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10 minutes ago, BusHunter said:

Yeah but Jajuan as the city keeps raising it's taxes and fees the residents want something more than express buses, they want a modern city with many of the amenities of one. As other cities like DC, SF, LA, Minneapolis-St Paul modernize there cities with light rail, here we sit with a 20 year adventure just to get a red line extension. I hear more and more stories like this city has done this and this city has done that, what have we done? Just virtually rebuild our system, but really on paper they haven't expanded it so as far as population increases are concerned they have failed. You might say well we have heavy rail so we don't need light rail, but many cities I mentioned have both such as DC or Philly or SF, some have even incorporated pcc retro service as part of there transportation package, which really does wonders for tourism.

Now you can say express buses are a cheaper alternative, but they don't really help with gridlock and things the major cities deal with on a regular basis. Light rail can go off road so to speak and run just like an "L" service to handle lighter needs where you can't put heavy rail such as the Museum Campus, Navy Pier or at MSI. This is where the light rail cities have excelled. Another thing because LR is electrical it is more environmentally friendly. We can only stand so many gas munching buses on our roads. All this just adds to the typical modern city motif and is something that portrays that and can boost tourism. Time to move up to 21st century guys.

 

Essentially, though, light rail is streetcars, and there were reasons why CTA got rid of them in 1958. As you mention gridlock, it does not work unless there is a right of way. If you think gridlock on the 22 bus is bad now, get on an LRV on Clark that is restricted to using the tracks. As has been pointed out numerous times in the literature, it only works in places  that had an abandoned railroad right of way (Boston Green Line Riverside branch) or median (New Orleans; most of the Minneapolis line). Toronto is about the only place that runs a system in the streets, and it recently had to order some weird Bombardier cars to make it accessible. I wonder how loading wheelchairs from safety islands works, if that is how it is done.

Another thing to consider is that in Chicago during the streetcar era, streetcars were not allowed on the boulevards, including Michigan Ave, downtown, for what seems the obvious reasons that the wires and tracks are eyesores. CMC arose explicitly for this reason. While there were proposals for Carroll Street and what's now the McCormick Place busway, nobody is going to allow stringing wires all over Grant Park and the Museum Campus. If one wants to be environmentally conscious, put battery electric buses there. Note, again, in the trolley bus era, the trolley lines were not extended into Lincoln and Burnham Parks, but ended at Broadway (78, 80, 81), Halsted (74, 77), and Indiana (12). Only streetcar service was a trestle over the IC at Roosevelt.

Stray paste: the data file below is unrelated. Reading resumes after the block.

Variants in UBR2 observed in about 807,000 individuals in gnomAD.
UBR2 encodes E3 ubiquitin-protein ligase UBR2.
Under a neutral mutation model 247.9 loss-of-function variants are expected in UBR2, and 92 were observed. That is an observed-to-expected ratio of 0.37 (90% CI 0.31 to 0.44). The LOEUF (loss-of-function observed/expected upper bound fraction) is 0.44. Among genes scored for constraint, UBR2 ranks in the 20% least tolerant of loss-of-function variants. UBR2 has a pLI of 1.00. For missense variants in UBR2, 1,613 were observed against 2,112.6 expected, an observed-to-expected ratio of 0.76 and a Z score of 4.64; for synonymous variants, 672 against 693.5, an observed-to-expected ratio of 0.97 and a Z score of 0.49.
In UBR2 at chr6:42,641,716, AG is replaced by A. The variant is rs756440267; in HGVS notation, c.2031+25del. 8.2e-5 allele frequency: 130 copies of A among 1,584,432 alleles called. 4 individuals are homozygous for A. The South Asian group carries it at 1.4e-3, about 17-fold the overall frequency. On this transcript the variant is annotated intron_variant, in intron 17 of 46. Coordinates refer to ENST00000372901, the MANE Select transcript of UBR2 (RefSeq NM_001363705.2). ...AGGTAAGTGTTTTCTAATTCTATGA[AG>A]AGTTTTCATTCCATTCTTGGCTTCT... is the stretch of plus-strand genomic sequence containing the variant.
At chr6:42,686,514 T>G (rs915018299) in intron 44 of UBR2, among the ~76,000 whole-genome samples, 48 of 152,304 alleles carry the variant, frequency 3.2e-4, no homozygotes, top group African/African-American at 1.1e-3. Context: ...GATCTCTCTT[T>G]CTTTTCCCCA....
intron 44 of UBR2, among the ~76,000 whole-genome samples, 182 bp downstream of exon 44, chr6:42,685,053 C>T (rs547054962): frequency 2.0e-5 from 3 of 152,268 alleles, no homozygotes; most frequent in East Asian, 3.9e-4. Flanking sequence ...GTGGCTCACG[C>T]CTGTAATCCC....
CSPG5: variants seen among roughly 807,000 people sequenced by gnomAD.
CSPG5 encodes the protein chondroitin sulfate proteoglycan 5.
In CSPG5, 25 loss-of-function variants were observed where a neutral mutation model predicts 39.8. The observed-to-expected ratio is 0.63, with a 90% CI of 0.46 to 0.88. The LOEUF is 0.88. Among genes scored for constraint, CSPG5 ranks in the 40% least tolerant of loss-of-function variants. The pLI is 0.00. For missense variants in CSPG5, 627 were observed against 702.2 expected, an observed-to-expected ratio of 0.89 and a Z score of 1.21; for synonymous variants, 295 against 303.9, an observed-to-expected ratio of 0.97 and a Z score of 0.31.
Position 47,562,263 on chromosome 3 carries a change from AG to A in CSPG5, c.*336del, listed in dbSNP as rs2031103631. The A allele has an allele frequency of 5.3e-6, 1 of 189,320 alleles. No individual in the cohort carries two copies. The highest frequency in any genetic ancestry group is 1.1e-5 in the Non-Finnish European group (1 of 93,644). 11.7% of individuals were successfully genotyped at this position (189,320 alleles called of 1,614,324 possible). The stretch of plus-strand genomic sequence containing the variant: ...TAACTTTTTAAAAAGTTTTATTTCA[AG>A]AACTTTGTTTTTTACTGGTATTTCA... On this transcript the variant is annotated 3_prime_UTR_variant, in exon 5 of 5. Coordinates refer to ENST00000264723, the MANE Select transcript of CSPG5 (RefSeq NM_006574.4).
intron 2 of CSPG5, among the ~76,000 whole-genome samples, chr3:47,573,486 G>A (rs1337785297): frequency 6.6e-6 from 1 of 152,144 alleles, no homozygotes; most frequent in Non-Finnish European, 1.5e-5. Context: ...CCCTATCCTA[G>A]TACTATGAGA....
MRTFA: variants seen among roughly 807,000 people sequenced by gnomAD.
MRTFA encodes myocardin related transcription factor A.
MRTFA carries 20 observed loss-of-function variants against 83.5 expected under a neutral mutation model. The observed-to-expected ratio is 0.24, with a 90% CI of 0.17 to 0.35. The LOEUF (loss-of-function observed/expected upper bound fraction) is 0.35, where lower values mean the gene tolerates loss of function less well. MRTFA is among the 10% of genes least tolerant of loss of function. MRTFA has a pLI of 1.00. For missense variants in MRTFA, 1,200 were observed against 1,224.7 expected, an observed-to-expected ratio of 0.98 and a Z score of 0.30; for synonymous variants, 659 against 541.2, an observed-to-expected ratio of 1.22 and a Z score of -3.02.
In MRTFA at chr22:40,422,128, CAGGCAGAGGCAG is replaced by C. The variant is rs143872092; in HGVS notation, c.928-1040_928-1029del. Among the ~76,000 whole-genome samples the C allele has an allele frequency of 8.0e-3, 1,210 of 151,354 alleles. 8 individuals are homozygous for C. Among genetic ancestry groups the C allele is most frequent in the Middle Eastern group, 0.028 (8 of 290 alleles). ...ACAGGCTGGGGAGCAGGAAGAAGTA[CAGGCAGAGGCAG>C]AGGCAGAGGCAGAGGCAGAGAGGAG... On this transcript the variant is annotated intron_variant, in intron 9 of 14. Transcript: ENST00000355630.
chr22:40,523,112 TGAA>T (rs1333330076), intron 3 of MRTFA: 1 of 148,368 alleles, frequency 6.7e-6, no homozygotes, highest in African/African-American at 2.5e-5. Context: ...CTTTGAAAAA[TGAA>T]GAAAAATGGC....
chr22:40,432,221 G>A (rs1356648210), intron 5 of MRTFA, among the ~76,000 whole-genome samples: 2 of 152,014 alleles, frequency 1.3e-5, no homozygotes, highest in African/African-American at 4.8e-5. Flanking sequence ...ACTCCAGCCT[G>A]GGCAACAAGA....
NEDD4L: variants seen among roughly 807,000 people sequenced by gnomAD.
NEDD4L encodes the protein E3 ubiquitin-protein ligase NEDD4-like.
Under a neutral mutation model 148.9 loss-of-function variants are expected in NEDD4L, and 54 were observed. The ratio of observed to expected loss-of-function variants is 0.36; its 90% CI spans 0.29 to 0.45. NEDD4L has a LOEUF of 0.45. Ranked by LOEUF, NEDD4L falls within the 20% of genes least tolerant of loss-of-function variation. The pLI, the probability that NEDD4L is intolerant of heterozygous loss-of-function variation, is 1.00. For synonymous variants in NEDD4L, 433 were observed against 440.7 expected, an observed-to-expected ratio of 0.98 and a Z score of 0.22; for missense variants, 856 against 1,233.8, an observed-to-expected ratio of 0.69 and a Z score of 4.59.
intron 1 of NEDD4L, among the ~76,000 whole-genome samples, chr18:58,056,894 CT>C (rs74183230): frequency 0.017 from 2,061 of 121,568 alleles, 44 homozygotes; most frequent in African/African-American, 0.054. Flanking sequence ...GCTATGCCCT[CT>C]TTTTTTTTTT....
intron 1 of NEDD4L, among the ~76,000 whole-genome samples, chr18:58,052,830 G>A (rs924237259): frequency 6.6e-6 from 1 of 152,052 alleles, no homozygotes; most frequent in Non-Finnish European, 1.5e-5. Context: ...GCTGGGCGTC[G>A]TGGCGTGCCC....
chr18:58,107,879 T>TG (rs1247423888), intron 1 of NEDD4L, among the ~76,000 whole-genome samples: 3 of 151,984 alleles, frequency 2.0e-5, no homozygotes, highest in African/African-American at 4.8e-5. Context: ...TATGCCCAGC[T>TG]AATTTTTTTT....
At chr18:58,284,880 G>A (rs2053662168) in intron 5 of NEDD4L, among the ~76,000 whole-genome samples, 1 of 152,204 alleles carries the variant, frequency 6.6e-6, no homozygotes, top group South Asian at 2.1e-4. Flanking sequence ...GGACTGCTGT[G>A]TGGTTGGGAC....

I noted earlier the defunct Monroe Circulator; apparently they couldn't convince downtown interests to agree to a special tax district to mall Monroe Street to provide  a bit more direct access between the Chicago Stadium area and McCormick Place.

But to get to my prior point, there is nothing modern about light rail.

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Yeah but sf has shown us that it doesn't need overhead cabling to make a system work. That is because essentially they are cable cars. A typical streetcar would not work on the hills of sf. But it does raise an interesting question why couldn't the electrical infrastructure be in the ground. It works for heavy rail why not light rail? 

Essentially a light rail system can only work in the heavily touristed  lake shore areas of the city and would not work so much in the inner city itself. You have to think of these things as tourist objects that work only in the downtown or historic areas because that is essentially what they are relics of the past A well run city doesn't rely on one good thing but many things to be successful.

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10 minutes ago, BusHunter said:

Yeah but sf has shown us that it doesn't need overhead cabling to make a system work. That is because essentially they are cable cars. A typical streetcar would not work on the hills of sf. But it does raise an interesting question why couldn't the electrical infrastructure be in the ground. It works for heavy rail why not light rail? 

They tried that in Washington D.C. Problem here, and also the problem with cable cars on Cottage Grove from about 1880-1906 is that the snow and ice get into the groove and foul up the system. Keeping ice off the third rail is hard enough, think about what would happen under the street.

The only reason they survived in SF is that electric trolleys couldn't make it up the grade, but the literature also indicates that cable cars are about the least energy efficient method possible.

Undoubtedly, there would also be problems when switching.

10 minutes ago, BusHunter said:

Essentially a light rail system can only work in the heavily touristed  lake shore areas of the city

Which is why they would be a blight.

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1 hour ago, Busjack said: